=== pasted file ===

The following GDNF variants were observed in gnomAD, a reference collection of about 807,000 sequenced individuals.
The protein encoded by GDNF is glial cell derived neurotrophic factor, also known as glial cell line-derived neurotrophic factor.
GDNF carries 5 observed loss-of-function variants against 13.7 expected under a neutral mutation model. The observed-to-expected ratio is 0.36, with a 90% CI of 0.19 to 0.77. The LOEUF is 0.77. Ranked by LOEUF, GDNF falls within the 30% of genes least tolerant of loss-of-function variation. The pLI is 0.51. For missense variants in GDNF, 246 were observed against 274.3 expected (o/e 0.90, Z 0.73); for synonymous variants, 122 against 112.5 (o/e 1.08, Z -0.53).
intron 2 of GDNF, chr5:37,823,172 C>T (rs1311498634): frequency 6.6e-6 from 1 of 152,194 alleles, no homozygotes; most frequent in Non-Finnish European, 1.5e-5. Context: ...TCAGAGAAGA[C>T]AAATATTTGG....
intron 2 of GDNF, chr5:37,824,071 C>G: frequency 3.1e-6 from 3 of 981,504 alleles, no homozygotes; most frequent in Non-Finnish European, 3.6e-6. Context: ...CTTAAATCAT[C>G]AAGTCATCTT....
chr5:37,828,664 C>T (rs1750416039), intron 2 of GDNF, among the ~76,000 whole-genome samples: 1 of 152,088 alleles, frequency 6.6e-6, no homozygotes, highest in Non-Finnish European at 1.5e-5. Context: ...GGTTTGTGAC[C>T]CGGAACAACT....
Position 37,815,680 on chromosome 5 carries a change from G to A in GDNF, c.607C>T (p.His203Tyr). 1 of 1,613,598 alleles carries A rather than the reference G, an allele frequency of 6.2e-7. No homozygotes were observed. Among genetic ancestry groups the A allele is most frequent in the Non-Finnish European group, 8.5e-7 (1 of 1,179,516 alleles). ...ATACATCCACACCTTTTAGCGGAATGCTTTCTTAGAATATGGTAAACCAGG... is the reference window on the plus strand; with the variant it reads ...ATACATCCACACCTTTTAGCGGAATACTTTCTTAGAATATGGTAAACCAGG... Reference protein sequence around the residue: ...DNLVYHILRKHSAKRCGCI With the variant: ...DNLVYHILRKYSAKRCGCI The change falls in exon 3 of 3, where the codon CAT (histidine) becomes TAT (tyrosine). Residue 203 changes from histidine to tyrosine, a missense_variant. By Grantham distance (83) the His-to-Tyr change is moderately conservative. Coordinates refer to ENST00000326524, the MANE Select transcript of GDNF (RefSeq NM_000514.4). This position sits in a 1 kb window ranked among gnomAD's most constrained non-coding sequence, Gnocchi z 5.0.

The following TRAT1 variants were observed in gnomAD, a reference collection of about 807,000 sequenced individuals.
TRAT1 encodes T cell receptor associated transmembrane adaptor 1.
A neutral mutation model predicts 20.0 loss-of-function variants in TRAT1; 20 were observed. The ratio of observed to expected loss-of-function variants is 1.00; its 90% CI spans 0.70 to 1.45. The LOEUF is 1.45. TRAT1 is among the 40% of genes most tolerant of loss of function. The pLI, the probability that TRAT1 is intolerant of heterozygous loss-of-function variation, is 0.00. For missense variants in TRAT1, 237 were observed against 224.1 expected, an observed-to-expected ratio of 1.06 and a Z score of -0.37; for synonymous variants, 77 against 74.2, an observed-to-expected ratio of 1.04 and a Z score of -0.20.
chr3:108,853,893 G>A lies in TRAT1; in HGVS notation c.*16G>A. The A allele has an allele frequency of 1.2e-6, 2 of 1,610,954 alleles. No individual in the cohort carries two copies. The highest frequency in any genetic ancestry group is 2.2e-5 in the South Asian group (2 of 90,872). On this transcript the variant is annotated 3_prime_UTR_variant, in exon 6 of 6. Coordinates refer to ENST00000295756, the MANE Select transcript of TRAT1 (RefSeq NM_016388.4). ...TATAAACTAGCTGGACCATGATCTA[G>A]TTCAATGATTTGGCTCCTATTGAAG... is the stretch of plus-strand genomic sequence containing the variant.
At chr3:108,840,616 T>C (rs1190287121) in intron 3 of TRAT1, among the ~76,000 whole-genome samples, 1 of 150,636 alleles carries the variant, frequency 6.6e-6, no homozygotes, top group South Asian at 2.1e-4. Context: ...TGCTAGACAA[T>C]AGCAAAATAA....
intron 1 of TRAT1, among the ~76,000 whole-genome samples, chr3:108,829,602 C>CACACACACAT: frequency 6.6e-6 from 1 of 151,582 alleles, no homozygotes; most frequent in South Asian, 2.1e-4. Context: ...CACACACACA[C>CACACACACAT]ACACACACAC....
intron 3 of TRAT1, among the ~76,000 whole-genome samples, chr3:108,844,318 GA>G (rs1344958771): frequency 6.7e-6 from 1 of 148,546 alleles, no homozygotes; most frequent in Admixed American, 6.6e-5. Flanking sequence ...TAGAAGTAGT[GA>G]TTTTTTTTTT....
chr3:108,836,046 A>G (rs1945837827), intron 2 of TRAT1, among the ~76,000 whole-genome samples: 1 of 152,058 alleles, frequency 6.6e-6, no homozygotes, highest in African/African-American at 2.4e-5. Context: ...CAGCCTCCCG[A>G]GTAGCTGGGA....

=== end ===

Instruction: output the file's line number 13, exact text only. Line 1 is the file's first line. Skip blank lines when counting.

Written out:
intron 1 of TRAT1, among the ~76,000 whole-genome samples, chr3:108,829,602 C>CACACACACAT: frequency 6.6e-6 from 1 of 151,582 alleles, no homozygotes; most frequent in South Asian, 2.1e-4. Context: ...CACACACACA[C>CACACACACAT]ACACACACAC....